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Addressing California's Affordable Housing Shortage

Alternatives to Proposition 1C

Leonard Gilroy, Adam Summers and Samuel Staley
September 1, 2006

Executive Summary

The severe shortage of affordable housing in California threatens the state’s economic health and has placed the American Dream of homeownership out of reach for hundreds of thousands of families. Declining federal support for housing programs over the last several decades has prompted calls for increased state funding for affordable housing in California. Rather than establishing a fiscally responsible ongoing revenue stream to fund the state’s affordable housing programs, California policymakers have repeatedly asked voters to approve one-time influxes of bond funding, violating a basic principle of public finance: long-term debt should be used to fund long-term investments, not the operating expenditures of state programs.

If approved by voters this November, Proposition 1C would become the latest in a string of housing bond measures that have failed to substantively address the state’s housing affordability crisis. It would authorize $2.85 billion in general obligation debt with an annual debt service of $204 million (and a total cost to taxpayers of about $6.1 billion) for the following purposes:

Like most of the political remedies aimed at increasing the affordable housing stock, Proposition 1C fails to reflect the real-world functioning of housing markets and could exacerbate the affordability problem. Specifically, Proposition 1C:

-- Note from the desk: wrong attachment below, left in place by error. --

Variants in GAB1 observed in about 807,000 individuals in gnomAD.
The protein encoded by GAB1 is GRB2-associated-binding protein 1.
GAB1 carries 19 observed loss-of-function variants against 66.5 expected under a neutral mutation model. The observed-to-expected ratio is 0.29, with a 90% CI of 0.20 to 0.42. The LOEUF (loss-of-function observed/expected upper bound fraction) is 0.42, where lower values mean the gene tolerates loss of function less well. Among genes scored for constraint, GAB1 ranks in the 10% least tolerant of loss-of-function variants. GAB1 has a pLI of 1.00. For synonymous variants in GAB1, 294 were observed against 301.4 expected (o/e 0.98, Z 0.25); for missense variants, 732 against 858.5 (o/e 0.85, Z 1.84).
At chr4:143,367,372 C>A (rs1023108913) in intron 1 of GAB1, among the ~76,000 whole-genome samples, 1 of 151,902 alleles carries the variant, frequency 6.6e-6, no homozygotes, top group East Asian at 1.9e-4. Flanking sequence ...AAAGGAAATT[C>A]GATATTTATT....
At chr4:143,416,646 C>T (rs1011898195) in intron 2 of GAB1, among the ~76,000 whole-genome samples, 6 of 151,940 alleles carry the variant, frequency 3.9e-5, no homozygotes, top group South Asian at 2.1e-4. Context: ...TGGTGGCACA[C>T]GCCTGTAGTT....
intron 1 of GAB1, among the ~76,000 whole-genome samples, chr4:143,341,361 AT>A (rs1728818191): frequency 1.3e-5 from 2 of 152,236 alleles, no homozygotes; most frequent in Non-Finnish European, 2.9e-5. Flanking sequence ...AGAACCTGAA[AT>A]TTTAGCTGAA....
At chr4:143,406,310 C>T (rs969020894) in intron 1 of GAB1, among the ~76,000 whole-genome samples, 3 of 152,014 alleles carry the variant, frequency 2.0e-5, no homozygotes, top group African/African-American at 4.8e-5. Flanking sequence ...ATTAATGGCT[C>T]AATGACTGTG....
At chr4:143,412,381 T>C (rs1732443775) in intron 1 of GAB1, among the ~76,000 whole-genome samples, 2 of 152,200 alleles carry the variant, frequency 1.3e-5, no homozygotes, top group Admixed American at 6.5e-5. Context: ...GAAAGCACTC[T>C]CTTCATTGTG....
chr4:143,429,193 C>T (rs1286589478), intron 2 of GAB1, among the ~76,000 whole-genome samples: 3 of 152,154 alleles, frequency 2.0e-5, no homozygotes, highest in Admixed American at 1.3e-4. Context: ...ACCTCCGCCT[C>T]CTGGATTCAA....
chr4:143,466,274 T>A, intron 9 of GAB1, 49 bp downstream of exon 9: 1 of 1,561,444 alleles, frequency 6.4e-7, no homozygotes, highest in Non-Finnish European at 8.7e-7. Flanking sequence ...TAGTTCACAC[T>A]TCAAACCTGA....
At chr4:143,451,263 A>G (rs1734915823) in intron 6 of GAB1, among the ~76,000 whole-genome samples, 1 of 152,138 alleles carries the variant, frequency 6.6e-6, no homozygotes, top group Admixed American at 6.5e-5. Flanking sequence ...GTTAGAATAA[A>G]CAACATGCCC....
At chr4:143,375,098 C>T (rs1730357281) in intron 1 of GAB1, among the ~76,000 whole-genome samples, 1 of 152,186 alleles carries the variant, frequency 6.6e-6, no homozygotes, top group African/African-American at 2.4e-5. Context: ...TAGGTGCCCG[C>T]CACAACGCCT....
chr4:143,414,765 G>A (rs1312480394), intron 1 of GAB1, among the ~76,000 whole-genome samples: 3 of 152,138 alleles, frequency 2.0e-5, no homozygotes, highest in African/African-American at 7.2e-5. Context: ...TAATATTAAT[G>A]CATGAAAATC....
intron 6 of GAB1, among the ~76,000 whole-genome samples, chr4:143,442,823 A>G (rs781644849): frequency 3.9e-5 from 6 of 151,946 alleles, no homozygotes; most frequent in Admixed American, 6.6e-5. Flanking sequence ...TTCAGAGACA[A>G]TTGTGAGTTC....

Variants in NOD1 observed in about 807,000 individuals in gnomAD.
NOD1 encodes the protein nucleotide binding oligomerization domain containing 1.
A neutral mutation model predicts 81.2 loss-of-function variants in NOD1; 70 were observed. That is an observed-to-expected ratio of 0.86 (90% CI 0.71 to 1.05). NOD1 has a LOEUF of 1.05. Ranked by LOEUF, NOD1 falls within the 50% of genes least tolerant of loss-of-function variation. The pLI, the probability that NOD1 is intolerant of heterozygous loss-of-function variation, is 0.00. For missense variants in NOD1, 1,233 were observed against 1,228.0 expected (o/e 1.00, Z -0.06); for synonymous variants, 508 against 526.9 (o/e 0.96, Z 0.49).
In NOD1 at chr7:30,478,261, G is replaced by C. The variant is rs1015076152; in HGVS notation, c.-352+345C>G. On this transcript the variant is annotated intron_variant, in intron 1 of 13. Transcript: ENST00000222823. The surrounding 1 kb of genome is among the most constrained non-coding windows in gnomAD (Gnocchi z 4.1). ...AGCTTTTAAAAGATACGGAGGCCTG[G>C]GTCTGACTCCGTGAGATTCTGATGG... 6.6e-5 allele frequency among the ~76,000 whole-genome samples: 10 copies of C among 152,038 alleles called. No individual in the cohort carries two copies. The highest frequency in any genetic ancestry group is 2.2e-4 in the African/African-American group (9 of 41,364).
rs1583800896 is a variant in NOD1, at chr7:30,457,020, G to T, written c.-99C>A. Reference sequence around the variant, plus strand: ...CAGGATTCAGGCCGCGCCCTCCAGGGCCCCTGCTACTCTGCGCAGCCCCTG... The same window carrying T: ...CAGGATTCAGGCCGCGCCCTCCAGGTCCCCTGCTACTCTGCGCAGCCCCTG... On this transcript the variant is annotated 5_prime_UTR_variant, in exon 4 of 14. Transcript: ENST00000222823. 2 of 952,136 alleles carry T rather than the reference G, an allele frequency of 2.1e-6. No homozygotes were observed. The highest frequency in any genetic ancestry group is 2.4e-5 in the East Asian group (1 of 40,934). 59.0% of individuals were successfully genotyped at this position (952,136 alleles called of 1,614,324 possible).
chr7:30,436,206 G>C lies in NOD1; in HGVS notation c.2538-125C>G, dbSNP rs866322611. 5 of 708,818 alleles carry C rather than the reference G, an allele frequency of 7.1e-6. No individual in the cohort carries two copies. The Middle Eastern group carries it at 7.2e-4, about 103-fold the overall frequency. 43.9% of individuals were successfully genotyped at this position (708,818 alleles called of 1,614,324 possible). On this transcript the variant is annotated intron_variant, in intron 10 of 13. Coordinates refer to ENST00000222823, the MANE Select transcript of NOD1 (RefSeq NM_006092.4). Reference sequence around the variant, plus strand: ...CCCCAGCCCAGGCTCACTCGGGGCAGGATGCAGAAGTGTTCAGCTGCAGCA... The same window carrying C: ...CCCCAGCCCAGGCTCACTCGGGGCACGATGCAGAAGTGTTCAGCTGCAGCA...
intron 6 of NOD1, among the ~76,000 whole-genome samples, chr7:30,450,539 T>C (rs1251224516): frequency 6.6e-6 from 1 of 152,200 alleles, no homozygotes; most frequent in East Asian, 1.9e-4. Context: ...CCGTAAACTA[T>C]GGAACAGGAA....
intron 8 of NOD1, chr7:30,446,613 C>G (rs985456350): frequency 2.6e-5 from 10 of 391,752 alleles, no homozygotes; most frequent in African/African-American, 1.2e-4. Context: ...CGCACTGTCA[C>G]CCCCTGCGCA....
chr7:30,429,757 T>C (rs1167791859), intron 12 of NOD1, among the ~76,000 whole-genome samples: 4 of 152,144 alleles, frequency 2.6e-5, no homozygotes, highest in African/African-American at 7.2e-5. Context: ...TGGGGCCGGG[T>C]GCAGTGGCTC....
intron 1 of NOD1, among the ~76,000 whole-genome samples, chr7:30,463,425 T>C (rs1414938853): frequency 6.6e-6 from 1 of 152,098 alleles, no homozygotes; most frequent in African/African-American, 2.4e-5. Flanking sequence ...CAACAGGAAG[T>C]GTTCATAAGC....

Alternative policies that do not require significant new spending and have a much greater likelihood of succeeding include: deregulating the land market to allow more market-driven densities and development, eliminating costly and wasteful building codes that do not measurably improve public health and safety, repealing prevailing wage laws that dramatically increase the cost of building new affordable housing, and avoiding new subsidies for high-income housing projects, such as transit-oriented development. Further, policymakers should separate the larger issue of housing affordability from efforts to provide a housing “safety net” for the needy through the construction of new shelters for homeless persons, foster children, domestic violence victims, and others. Safety net programs are best addressed through the regular budgeting process, as bond funding is a fiscally irresponsible method of financing ongoing government programs.

Like the numerous affordable housing bonds and programs before it, Proposition 1C would do little to address the problem of low-income homeownership and would likely worsen the situation. California’s affordable housing problem is largely a creature of government’s own making. Increasing the costs of housing, and then throwing an additional $2.85 billion of taxpayers’ money at the problems government has exacerbated in the first place, simply does not make any sense.


Leonard Gilroy is Director of Government Reform

Adam Summers is Senior Policy Analyst

Samuel Staley is Research Fellow

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